How to Propagate: Haworthia & Echeveria | Samantha Locking | Skillshare

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How to Propagate: Haworthia & Echeveria

teacher avatar Samantha Locking, Horticulturist

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Taught by industry leaders & working professionals
Topics include illustration, design, photography, and more

Watch this class and thousands more

Get unlimited access to every class
Taught by industry leaders & working professionals
Topics include illustration, design, photography, and more

Lessons in This Class

6 Lessons (12m)
    • 1. Introduction

      0:43
    • 2. Class Project

      1:55
    • 3. Materials Required

      1:07
    • 4. Leaf Propagation

      3:40
    • 5. Pup Propagation

      3:34
    • 6. Aftercare & Recap

      1:27
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About This Class

Why enjoy one succulent when you can enjoy donzens! Propagating is a great way to increase the plants in your home without having to go out and buy more. Not to mention succulents are some of the easiest plants to propagate, so you don’t have to be a pro to do it. 

In this class I will cover:

  • The materials you’ll need to propagate succulents 
  • How to propagate Echeveria from leaves
  • How to propagate Haworthia from pups
  • Aftercare for both 

For this class you will need:

  1. Echeveria, Haworthia, or other succulent 
  2. soil (cactus/succulent mix preferred)
  3. A pot (or other container for your plant)

Meet Your Teacher

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Samantha Locking

Horticulturist

Teacher

 

 

Hey, I'm Sam, I am a graduate of a 2-year Horticulture Technician program. Below you will find classes on propagation and creative projects involving plants.

 

 

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Transcripts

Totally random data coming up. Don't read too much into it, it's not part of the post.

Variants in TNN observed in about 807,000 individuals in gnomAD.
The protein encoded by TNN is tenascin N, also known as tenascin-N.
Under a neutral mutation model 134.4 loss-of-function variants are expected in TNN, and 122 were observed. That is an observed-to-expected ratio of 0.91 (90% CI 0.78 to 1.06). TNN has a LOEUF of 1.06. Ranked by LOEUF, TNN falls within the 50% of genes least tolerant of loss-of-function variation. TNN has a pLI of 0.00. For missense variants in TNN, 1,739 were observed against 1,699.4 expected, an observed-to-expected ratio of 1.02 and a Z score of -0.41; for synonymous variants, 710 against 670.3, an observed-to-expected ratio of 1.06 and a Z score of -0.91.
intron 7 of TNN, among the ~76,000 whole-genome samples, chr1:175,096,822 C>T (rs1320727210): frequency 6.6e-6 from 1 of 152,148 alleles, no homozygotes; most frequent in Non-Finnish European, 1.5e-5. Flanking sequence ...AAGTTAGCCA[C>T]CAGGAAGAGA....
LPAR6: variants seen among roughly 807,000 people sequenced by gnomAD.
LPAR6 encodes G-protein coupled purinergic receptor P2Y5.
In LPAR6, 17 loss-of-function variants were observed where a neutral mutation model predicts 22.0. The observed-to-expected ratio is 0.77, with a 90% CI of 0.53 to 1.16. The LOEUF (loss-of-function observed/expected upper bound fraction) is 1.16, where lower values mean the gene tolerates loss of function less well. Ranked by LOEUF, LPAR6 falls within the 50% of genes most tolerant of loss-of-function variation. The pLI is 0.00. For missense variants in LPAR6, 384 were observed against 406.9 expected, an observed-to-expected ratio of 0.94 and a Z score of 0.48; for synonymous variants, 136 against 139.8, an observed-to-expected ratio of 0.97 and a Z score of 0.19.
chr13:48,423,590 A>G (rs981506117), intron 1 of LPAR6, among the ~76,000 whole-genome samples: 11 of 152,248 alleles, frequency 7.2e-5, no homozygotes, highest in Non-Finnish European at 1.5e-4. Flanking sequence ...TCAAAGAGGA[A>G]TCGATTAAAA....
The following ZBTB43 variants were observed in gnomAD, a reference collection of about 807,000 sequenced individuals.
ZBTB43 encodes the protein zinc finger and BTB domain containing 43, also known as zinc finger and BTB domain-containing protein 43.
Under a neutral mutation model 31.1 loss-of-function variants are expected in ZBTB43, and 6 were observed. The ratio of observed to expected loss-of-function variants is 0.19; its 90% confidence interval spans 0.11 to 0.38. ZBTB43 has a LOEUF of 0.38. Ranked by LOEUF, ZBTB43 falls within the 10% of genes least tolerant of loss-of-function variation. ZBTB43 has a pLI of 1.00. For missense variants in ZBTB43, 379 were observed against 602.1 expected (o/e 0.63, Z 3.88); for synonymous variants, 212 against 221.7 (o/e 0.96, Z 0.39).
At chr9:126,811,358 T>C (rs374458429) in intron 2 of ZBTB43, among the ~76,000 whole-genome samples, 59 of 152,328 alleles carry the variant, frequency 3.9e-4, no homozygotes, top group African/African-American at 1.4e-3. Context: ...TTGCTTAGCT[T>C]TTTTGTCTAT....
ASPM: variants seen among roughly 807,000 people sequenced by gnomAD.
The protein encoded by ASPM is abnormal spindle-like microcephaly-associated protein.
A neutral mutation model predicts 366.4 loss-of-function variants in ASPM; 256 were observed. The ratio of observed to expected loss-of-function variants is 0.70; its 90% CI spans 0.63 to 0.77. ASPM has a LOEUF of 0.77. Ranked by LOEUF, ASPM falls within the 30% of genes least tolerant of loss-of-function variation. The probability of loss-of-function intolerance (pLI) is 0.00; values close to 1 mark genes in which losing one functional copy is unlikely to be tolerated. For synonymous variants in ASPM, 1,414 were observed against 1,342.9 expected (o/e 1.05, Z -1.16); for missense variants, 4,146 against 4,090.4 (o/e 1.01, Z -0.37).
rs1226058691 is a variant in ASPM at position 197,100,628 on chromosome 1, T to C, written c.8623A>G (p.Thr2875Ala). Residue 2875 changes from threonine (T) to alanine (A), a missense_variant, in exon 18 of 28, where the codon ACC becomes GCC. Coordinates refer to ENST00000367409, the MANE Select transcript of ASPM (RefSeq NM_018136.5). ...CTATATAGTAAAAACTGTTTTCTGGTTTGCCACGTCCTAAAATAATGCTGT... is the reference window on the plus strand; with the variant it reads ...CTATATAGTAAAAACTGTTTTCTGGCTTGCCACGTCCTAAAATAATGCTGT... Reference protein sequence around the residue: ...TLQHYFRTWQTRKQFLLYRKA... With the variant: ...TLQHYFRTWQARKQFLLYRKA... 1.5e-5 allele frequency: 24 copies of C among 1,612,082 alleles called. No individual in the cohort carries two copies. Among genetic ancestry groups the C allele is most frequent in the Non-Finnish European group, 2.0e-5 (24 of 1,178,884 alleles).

1. Introduction: I am damn family walking you through how to propagate to different succulents. And that is whore Theia and ECA Barria. And we're going to be using two different methods to propagate those. Even though I'm using these two as an example right here. You can apply this knowledge to any circulant you may want to propagate. Over the next few classes. I'm going to be talking about fewer class project. And then we'll be looking at the materials that you'll be needing for the class. I'll follow that up with a demonstration on the two propagation methods. And then finally, we'll do a little recap and talk about aftercare. I look forward to seeing you in the next video. 2. Class Project: So once you completed this class, there is a class product for you to work on. They'll give you a chance to show off your new propagating skills. It's really simple. Just take three pictures. One of your mother plant, which I'll explain more to take pitches are leaves are pumps that you used, and then show you final results. In case you're unfamiliar with the term Mother plan, it's simply referring to the established plant that you are taking leaves, pups are cuttings from in order to make more plants. When using these propagation methods, you are essentially creating clones of the mother plant because the new plants will be genetically identical to the mother plant. The second picture that you will be taking for your project is of the leaves and or pups that you've decided to use. As I mentioned earlier, if you are using different plants and that's perfectly fine. Within the next two videos, we will be going over exactly how to clip thes. So the final picture you will be taking for your project will be of your leaves are pups in their new homes. If you do not have a pot to put them in, you could always use an old coffee cup. Or if you're really in a pinch, you can even try using egg carton as a temporary home, as you can see here. So once you're ready to share your project, the class simply click on the nice versus tab. Below this video, you will see a green create product button on the right-hand side of the screen. Just give that a click and you'll be able to upload your photos after that, hit publish and you're all set. You don't have to upload your three pictures all at once. If you'd like. You could upload them one at a time as you're working along. If you're feeling ambitious, you can also add weekly progress photos as your succulent start to grow. If you have any questions, please let me know and I look forward to seeing your projects. 3. Materials Required: The materials you'll need for the class are the same as the class project. Just a mother plant upon some soil. If you don't already have an established, a succulent to take leave their pups from. You could byline or try asking friends and family members if they have an established plant you can borrow from. As mentioned in the project overview. If you do not have a pot to use for your new succulents, you could try using an old mug or if you're really in a pinch, use an egg carton temporarily. Something to keep in mind when choosing a pot for your plant is that should have drainage holes. Succulents like having well draining soil. So don't want water to collect in the bottom. To either just mentioned, succulents prefer well draining soil, so it's best to go with a succulent OR cactus MIX. However, you can also use regular potting mix, but you'll need to keep in mind to waterless often because with potting links, the water won't drain as quickly. Once you have everything altogether, we can start propagating. 4. Leaf Propagation: For lack of area, we're going to propagate it from leaves. This is my preferred method of propagation because we can take each one of these leaves and we can turn them into a new plant. Whereas if we were to take the stem and just propagate the Rosetta by making a cut here, we would only end up with one plant. And another reason I prefer leaf propagation, that fist plant doesn't produce many offsets for me. As you can see, it's been neglected. So for me, the propagation is my best option. Propagating from leaves is really simple. You want to choose leaves that have good colour and no nixed or slices in them like this one here. So the leaf next to that one looks healthy. So to remove the leaf, we're just going to wiggle it gently back and forth until finally the leaf will just pop off like that. And there you go. And that's our first leaf. So this is a slide of the leaf that was connected to the plant. Before we can put this on some soil, we need to let this wound callous over. And to do that, we're going to leave it in a dry place with indirect sunlight for about three to five days. I just wanted to quickly show you the difference here between the ones we just pluck. And then these ones down here that I plucked about five days ago, you'll see this one right here. It has turned completely yellow and it's also shriveled up quite a bit. So this leaf is clearly not viable. So we're just going to set this one aside and we're not going to use that one. The leaf next to that one has already started growing some roots. If I remember correctly, the route through are actually forming Well, it was still on the mother plant. Narratives. And these two here haven't started to produce routes yet. But they have fully catalyst over and they still have a nice healthy color to them. So now we'll take these three healthy leaves that have calloused over. And we're going to lay them on top of the soil here. So we're not going to push them into the soil at all. We're just going to gently lay them on top and we're going to space them out a little bit so they have some room to grow. And just wanted to mention that something that I always do when placing leaves is to heat them right-side-up. So on the mother planet it was in this position, not this position. So when planting, I always keep it the way it was situated on the mother planet. Once they're in the soil, we're going to keep them in indirect light until the roots form and we're going to gently miss them with some water. You just want to moisten the soil and repeat this every few days to make sure the soil stays moist. Within a few weeks, small leaves will start to form where the leaf calloused over and leave, we used to propagate, will start to shrivel and turn yellow, just like this one here. Eventually the leaf will become dry and brittle and you can just pluck it off of your new plant. And that's it. Now you just have to sit back and wait for your new succulents to start growing. 5. Pup Propagation: Or Horthy. Oh, we are going to propagate it with pups. And this guy right here is what we call a pub. There are three pumps on this planet, and there is the third one. So I will only be propagating this pump right here because it is the biggest and it's got the best chance of success. Some people will propagate using leaves, but I find pups have a much higher success rate. So I prefer to use that method. When removing the pups from the mother planet, you wanna make sure that you move it right down from the base of the plant. You want to get it as close to the base as you possibly can. And to take it off, we're just going to give a little twist and it's going to just pop right off. If you want, you can use a knife or scissors in order to remove the pumps. But really all you need is just your fingers. So that's what I'm going to be using. So just get down as close to the base of the plant as you can, a little twist and it should pop right off. Easy peasy. And theirs are that we're going to use. So this is the end that was attached to the plant. And if you look over here, there's a little, a little nodes sticking out. It looks like a route is starting to form. So that's a good sign. So sometimes the pups might be a little farther down on the stem. So you just need to push away some soil so we can get closer to the base. And if it's really far down, you might want to even just pull up the plant and remove some soil. So before we move on to planting, we're going to let the end callous over. So we just wanted to make sure it's in indirect light. And we're going to leave this for about one to three days. So once the pup has had some time to call us over, we're just going to take it and we're going to place it directly into the pot here. So we're just going to make a little hole in the center. You just push away or gently and then just place it in. I'm gonna try to bury that little note that was sticking up. And then just gently packet in. Also going to be careful not to plant this bottom leaf. We want that still above the soil so we don't have any 3-OPT. So once you place it in, just gently packet down. So it's security, it'll stay standing up on its own. Once we have our planted in place, we can go ahead and just missed it so that the soil is nice and moist. And then there we go, we're all done. That's it. And so here's just a little size comparison for you. The one on the right is the one that we just propagated. The one on the left is 1I, propagated about a year ago. And it started out at around the same size as the one we just did. So it takes a while to see results, but it's definitely worth it. 6. Aftercare & Recap: As for aftercare, with both of these plants, you're going to want to make sure that the soil is kept moist and that the plants are kept out of direct sunlight as the new root start to develop over the next three weeks. Remember when propagating echo varia from leaves to make sure you choose healthy leaves that have no Nix are scratches on them. Give them three to five days to callous over, discard any leaves that turn yellow during that period. Laid leaves on top of the soil and keep the soil moist and keep them out of direct sunlight for three weeks as the root start to develop. When propagating Haworth via a few things that you want to keep in mind are choosing larger pups is going to give you a better chance of success. So we'll choosing pumps that already have some routes established. You wanna give them about one to three days to tell us over. After that, you can plant them directly into the soil. And you wanna make sure the soil is cut moist and of the plants are out of direct sunlight for three weeks while the roots start to develop. I hope you found this helpful and I look forward to seeing your class projects.